Posted by Paul Le Comte


Filed under Architecture

5 responses to “(post)modern?

  1. Jesus that’s a long post! Submit the bastard to the ODT and be done with it. Now, there seems to be an awful lot of talk about form but what about function? The current plans for the 25m high roof is totally impractical and a rectangle pitch (which can’t be used for cricket). I mean come on …

  2. Yeah sorry about the posts, I’m not as succint as many – I guess I have a bit to say.

    The whole point is I don’t want to write to the ODT “concerned of Kakorai Valley” is just too boring, besides this is the chance for interaction.

    I agree the roof as it is in the form proposed isn’t the right type. Nice thinking about materials though, they do get a pass mark for that.

    Of course form should follow function, but as cricket Otago in their wisdom has indicated they want to develop the Varsity Oval just across the road at Logan Park as a first class, test and one day venue. I think it’s madness and cricket was on board then the form would have to follow this function. As it stands the architects just don’t need to accommodate cricket – a real shame. Imagine scheduling a cricket one dayer in Dunners and knowing that it will go ahead regardless of outside conditions. Imagine being able to host early season games, instead of heading off to Darwin each year…

  3. Peter Entwisle

    The Caledonian Gymnasium is a war memorial, dedicated to the dead of World War Two. It was designed and built in the early 1960s by the then city architect, the now late Bill Hesson. He also did the original Momona Airport and Moana Pool. It’s a modest bit of Modernism for its time, mildly daring and comfortable in its context remote from the colonial city. The curtains are to mitigate light and heating issues arising from its glass curtain wall. My point about its relation to the design proposed for Awatea Street is that the latter is of a similar, if more ungainly form, although this is nearly fifty years later. It is not contemporary Modernism but a much older sort.

    I do think Post-Modernism which allows itself the latitude of reviving styles from the past is a useful development for a city like Dunedin which has inherited a lot of good architecture from the last revivalist period.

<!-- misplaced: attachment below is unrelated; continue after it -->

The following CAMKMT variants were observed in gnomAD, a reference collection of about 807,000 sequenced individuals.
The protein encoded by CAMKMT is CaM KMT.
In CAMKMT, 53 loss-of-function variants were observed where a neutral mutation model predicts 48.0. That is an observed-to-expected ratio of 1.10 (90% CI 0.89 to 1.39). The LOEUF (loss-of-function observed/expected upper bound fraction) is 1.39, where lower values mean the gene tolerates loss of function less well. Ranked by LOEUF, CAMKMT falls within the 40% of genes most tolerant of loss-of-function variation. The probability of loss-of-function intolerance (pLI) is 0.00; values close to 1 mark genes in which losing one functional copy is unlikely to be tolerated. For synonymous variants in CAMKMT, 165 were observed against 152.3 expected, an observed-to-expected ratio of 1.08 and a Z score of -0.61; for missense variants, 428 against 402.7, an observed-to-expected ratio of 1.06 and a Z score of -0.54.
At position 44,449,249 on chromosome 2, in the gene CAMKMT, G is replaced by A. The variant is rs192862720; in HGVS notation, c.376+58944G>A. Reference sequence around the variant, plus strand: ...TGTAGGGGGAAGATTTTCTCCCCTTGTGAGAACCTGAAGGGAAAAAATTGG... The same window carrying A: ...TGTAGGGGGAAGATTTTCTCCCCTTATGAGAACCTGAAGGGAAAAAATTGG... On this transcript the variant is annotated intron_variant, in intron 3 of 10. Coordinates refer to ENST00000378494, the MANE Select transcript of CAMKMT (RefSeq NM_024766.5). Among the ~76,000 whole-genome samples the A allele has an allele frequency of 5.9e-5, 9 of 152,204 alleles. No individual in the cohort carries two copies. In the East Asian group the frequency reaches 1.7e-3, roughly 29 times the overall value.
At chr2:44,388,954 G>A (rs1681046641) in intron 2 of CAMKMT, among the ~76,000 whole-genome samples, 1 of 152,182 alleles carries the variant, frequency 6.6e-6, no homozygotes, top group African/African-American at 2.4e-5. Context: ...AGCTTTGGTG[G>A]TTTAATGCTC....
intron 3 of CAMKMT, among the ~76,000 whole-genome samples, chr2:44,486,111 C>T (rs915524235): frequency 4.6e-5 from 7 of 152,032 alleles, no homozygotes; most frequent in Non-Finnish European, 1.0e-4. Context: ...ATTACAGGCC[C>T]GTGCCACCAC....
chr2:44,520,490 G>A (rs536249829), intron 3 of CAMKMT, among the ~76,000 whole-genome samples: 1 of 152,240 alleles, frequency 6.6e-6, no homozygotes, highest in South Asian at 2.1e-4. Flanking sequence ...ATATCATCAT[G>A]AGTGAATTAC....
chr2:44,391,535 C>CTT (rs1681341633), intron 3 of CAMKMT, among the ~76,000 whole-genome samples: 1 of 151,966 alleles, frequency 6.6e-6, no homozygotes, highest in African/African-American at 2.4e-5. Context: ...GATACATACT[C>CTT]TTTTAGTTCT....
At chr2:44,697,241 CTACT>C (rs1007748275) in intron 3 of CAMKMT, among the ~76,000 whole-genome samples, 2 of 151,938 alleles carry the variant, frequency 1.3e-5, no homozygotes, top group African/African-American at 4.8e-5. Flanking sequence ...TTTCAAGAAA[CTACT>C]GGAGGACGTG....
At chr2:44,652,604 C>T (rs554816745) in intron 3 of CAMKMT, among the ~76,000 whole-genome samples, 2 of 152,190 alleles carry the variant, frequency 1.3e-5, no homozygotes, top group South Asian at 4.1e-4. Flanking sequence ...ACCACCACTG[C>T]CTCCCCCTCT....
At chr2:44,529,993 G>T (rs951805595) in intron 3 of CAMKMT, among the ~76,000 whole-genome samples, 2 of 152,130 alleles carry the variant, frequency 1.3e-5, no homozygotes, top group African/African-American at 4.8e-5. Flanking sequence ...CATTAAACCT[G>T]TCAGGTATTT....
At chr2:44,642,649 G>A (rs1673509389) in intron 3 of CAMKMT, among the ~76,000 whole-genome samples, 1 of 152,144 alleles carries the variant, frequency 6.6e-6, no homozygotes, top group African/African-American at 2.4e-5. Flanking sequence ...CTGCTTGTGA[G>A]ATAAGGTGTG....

The university’s Commerce Building is not a good post modern design and nor is the Information Services (central library) building which is a bit schizophrenic about whether it’s trying to be Modernist or post modern. (It’s a makeover and addition to quite a good Modernist building of 1965.)

    I haven’t said the proposed new stadium should be post modern, though it’s something the designers might have attempted with more chance of success in Dunedin than in other New Zealand cities. I have said its particular type of Modernism is dated and the design is anyway just clumsy and uninspiring.

    My point about its use for arts purposes is that the promoters claimed it could be used for art exhibitions and big concerts. It won’t have the atmospheric and light control necessary for the former – or the blind white cube interior spaces – and event promoters have said roofed stadium or no roofed stadium the Carisbrook Stadium Trust’s projections for 4 concerts a year with 14,000+ crowds are unrealistic. The city doesn’t have the population base. You could hold the ID fashion show there – although it’s oversize. You could hold it in the nearby quarry – a better setting for showing off couture. Or the ruined Milburn cement works if you want to be really bold. But the organisers seem reluctant to stop using the Railway Station although I think that’s now a cliche. (Holding the ID show there – not the station itself.)

    The real problem is Malcolm Farry and perhaps others in the CST are not prepared to interest themselves in getting a striking design – of any sort. They don’t think it matters, which is probably why they’ve got such a clunker from HOK who are certainly capable of better. HOK are their clients’ servants and are giving them the kind of pap they feel comfortable with. Which would be fine if we didn’t all have to pay for it and look at it.

    Aesthetics aren’t everything in a stadium or anything else but when people start wittering on about vision and the future and the Railway Station you’d expect them to be interested in producing an outstanding or even just a good-looking design.

  4. Many thanks for your comments Pete, I do appreciate them.

  5. BTW the Caledonian Gymnasium is one of my favourite buildings in all of Dunedin. I don’t actually think it’s too modest at all, and given the ability to look back from time, it’s design, use of material and function, all give it a wonderful air of Soviet gymnastics. I also love the fact that it’s retained it’s function for such a long time, and not been converted.

    Just down the road is another of my fav buildings, that wonderful smoke stack of the old brick works (is that right, i’ll check). It’s reminiscent of the iconic towers of the Tate and Battersea buildings. This building however i’d love to see someone put a posh restaurant in there.

    I am excited and stunned that The Hilton is going where it is, and only wish that someone would do the same or something with those spectacular old banks in the area. In any other city they would have already been converted into anything other than a strip joint.

    The built environment of Dunedin is astonishing and full of the most wonderful gems.